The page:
There’s nothing like breaking through a brick wall on the family tree.
I had one of those spine-tingling discoveries recently, thanks to Ancestry.com. That on-line service touts millions of records on-line. Information is digitized and uploaded regularly, so it helps to check back often.
A couple of weeks ago I logged on and proceeded to spent two days in 17th and 18th centuries. That’s how addictive genealogy can be.
I’ve never been to New Marlborough, MA in the present day, but I’ve definitely “visited” the village in 1771. I imagine the clapboard houses and white church steeple nestled in the Berkshires. In my mind’s eye, there’s a town square with sheep grazing on the green, maybe a hat maker’s shop with a painted sign out front, and a tavern with a pewter flagon over the door. Men pass by in tri-cornered hats, ladies in sweeping skirts with pinafores and caps not unlike the outfit I’ve worn for DAR re-enactments.
One of the passersby is my 4th-great grandfather, Jedediah Hoyt, who has just buried his wife, Anna Raynsford Hoyt. Apparently Jedediah is less than enchanted with life under the British crown. Five years later he’s a sergeant in the Continental Army.
I sit at my computer, calling up searches to complete this story. I find Anna’s parents in Canterbury, CT, a few miles from New Marlborough. Sure enough, there are Nathan Raynsford and his wife Esther, having baby “Anna.” baptized in 1743.
I open a file containing Nathan’s will, visible in 18th-century handwriting, thanks to digital images.
I trace Anna’s great-great-grandfather, Thomas Gardner, and learned that he arrived in 1624 as a young Englishman with the Dorchester Company, a group of merchants who pooled their money to make money in the Massachusetts Bay Colony. Fourteen brave fishermen landed on Cape Ann and set up an outpost now called Gloucester, MA. Their leader was Thomas who, like the others, was motivated by the profits from dried salted cod and herring.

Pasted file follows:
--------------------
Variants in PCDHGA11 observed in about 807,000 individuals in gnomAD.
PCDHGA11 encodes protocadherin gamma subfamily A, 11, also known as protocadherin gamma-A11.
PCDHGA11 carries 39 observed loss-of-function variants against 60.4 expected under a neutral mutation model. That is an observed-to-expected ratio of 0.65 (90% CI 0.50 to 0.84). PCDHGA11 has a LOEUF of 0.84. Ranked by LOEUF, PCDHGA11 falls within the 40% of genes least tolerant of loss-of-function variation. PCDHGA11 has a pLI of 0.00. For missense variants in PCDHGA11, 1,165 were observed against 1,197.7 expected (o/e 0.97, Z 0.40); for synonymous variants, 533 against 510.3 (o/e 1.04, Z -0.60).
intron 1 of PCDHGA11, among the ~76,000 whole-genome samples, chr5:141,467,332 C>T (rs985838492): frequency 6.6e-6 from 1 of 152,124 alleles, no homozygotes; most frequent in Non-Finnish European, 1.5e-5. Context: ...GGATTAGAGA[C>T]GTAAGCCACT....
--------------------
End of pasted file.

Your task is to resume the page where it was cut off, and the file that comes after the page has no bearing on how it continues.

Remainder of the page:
I think of the voyage in an un-stabilized boat, the seasickness, the danger of capsizing, storms, fires on board, the danger of running out of food or fresh water, encountering pirates, contracting disease, suffering accidents and life-threatening infections.
In Massachusetts, mere existence was tough enough without Puritanical restrictions. Those unforgiving Massachusetts church leaders we idolize at Thanksgiving did what they could to make the Dorchester fishermen conform. They cut down a Maypole that the settlers had erected on the green. Some were sent back to England for reading an Anglican prayer book. So much for religious tolerance!
This isn’t to say that every session on Ancestry is successful. My recent good fortune was discovering documents that I hadn’t seen before or had heretofore ignored—those meticulous New England town records that have survived for nearly 400 years.
Which brings me to my next point. Colonial diaries, ship’s logs, contracts and other documents make the family search a bit easier than later periods when settlers scattered hither and yon.
That’s how I nailed these Raynsfords. In fact, Edward, Anna’s other great-great-grandfather, was elected deacon at First Church, Boston. I can picture him in his black pilgrim hat and wide collar.
In 1668, 20 years before the Salem witch trials, Deacon Edward got into a kerfuffle with the new preacher in town. That minister was none other than Rev. John Davenport, my 10th great grandfather on another family line. I imagine the forthright minister and the cantankerous deacon arguing over theology that’s footnoted in history books today. Eventually they died were buried in the same graveyard: Kings Chapel, Boston. Their 17th-century gravestones can be viewed online too.
Oh, and by the way, I will give a genealogy how-to workshop at 10 a.m. Saturday, Aug. 26, at the Catawba County Library in Newton. The presentation is free and open to the public. It’s sponsored by the John Hoyle Chapter, DAR. Preregistration isn’t necessary. Just show up with your curiosity and a notebook.
Photo: By Patrick from Barrington, RI, Moretown, VT, United States – Church and Autumn Leaves – Stowe, VT, CC BY 2.0, https://commons.wikimedia.org/w/index.php?curid=11770456